Controversy continues to swirl around Coachella co-owner Philip Anschutz, who’s drawn ire for his history of contributing to organizations and politicians with agendas that promote LGBTQ discrimination, climate denial, anti-environmentalism, and the weakening of labor unions, all issues that the majority of the liberal acts playing the festival—Beyoncé and The Weeknd, for example—would oppose. Last year, when news first surfaced on his charitable contributions, Anschutz ceased funding of Alliance Defending Freedom, Family Research Council, and National Christian Foundation—three groups at the center of the criticism. But a new report from Pitchfork reveals that the Anschutz Foundation has continued supporting a good number of organizations with anti-LGBTQ agendas as part of $63.7 million in grants given out in 2016.
The foundation, for example, donated $40,000 to The Navigators, a company that cites being LGBTQ, along with incest and sexual abuse, as a source of “sexual brokenness.” Dare 2 Share Ministries, who received $50,000 from Anschutz, describes homosexuality as a “Satanic perversion,” while the Center for Urban Renewal and Education, the recipients of $25,000 from the foundation, has said that gay marriage” serves as proof that “we’re sick as a country.”
This information comes roughly a month after The Fader released a report regarding Anschutz’s recent donations to anti-LGBTQ and anti-abortion politicians and Super PACs.
In a statement to Pitchfork, Anschutz’s lawyer offered the following statement:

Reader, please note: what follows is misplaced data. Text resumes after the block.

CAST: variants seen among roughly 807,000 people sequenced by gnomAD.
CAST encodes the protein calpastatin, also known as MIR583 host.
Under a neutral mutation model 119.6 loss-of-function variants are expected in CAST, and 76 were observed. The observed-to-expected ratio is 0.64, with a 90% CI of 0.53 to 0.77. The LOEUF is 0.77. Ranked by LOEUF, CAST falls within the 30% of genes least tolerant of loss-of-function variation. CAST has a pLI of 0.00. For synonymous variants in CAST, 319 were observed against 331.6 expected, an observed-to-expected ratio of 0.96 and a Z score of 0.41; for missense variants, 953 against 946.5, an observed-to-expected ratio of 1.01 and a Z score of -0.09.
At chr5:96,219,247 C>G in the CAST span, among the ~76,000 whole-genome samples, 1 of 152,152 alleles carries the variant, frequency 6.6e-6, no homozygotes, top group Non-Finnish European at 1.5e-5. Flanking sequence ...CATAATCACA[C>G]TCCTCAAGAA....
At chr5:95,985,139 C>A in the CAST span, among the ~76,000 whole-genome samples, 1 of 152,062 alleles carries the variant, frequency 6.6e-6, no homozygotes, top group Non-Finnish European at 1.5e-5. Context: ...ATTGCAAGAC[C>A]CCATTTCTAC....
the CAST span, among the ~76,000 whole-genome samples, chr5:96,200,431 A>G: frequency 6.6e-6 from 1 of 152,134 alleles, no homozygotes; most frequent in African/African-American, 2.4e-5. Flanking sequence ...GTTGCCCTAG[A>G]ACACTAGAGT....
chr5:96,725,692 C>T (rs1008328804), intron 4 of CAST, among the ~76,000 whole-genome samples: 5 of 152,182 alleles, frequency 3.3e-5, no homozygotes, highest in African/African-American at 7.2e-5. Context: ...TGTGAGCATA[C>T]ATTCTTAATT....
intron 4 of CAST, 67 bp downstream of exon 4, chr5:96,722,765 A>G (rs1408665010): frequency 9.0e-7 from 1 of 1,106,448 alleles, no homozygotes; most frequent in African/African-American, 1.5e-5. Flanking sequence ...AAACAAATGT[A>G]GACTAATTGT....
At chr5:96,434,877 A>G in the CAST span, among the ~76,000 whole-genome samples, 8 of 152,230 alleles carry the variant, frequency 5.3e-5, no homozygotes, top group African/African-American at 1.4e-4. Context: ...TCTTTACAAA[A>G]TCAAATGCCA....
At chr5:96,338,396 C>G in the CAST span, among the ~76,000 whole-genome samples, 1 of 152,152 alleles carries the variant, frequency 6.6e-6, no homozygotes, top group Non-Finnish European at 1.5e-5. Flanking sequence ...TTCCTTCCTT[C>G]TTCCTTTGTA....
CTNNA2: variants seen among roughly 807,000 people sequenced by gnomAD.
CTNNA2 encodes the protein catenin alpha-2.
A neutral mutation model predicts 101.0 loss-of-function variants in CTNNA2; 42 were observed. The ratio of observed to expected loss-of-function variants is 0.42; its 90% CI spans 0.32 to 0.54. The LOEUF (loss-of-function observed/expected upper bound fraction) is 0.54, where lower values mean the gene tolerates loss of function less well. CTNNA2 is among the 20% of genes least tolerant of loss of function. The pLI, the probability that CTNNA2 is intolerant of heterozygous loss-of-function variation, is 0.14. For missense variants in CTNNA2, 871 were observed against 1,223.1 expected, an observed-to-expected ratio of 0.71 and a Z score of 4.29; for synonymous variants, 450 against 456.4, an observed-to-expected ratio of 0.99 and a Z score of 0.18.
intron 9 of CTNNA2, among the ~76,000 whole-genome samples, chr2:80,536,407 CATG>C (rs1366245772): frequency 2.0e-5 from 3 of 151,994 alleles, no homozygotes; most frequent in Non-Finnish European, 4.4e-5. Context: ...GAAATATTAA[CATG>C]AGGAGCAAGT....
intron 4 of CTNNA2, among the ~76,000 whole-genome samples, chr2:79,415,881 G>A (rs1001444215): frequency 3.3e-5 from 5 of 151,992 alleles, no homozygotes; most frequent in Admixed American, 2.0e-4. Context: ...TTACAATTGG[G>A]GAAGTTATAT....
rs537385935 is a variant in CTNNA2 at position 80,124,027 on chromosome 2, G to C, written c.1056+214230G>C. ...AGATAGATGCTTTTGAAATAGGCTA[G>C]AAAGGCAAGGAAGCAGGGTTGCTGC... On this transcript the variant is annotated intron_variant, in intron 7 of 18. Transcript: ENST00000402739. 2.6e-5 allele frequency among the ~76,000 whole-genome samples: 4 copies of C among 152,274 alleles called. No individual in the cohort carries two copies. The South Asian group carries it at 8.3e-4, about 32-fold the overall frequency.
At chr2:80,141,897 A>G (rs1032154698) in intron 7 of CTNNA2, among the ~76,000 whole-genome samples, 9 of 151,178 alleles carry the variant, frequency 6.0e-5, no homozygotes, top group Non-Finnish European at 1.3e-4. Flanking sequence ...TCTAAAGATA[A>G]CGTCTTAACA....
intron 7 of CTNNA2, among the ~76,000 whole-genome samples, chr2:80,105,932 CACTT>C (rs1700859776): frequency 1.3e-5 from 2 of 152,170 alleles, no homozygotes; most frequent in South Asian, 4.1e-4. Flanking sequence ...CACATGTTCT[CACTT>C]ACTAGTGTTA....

One year ago we stated publicly that we unequivocally support the rights of all people without regard to sexual orientation. We stand by those words and reaffirm the commitment we made at that time that The Anschutz Foundation would not knowingly fund any organization that would support anti-LGBTQ initiatives.
Over the past year, the Foundation has stopped funding certain organizations after it was brought to our attention that some of their activities were inconsistent with our values. This is an ongoing process in which we continue to investigate the organizations that we support, as some of these groups may have initiatives that extend beyond the scope of the objectives sought by the Foundation in supporting them. We are proud of the progress we have made in this regard, but there is always room for improvement to ensure the charitable giving of the Foundation does not unintentionally extend to groups that violate principles that are important to us. The Foundation receives requests for donations from thousands of organizations every year and donates to approximately 800 entities annually. If our systems have failed to identify some activities that we do not support, we will stop funding those organizations as we learn more.
On occasion, it has been brought to our attention that certain groups previously supported by the Foundation may have policies or practices relating to the LGBTQ community that could be of concern. In those situations, we carefully assess the concerns to determine if in fact any organization we have supported is taking positions or practicing policies that are intolerant of, or discriminatory toward, the LGBTQ community. If we find problematic activities, we first look to work with those organizations to effectuate positive change if we perceive they are open to hearing and responding to our feedback. Ultimately, if these efforts prove unsatisfactory, we will withdraw further support from those groups.”
Sounds like one of those “we’ll just keep doing it ’til we’re caught” scenarios, eh?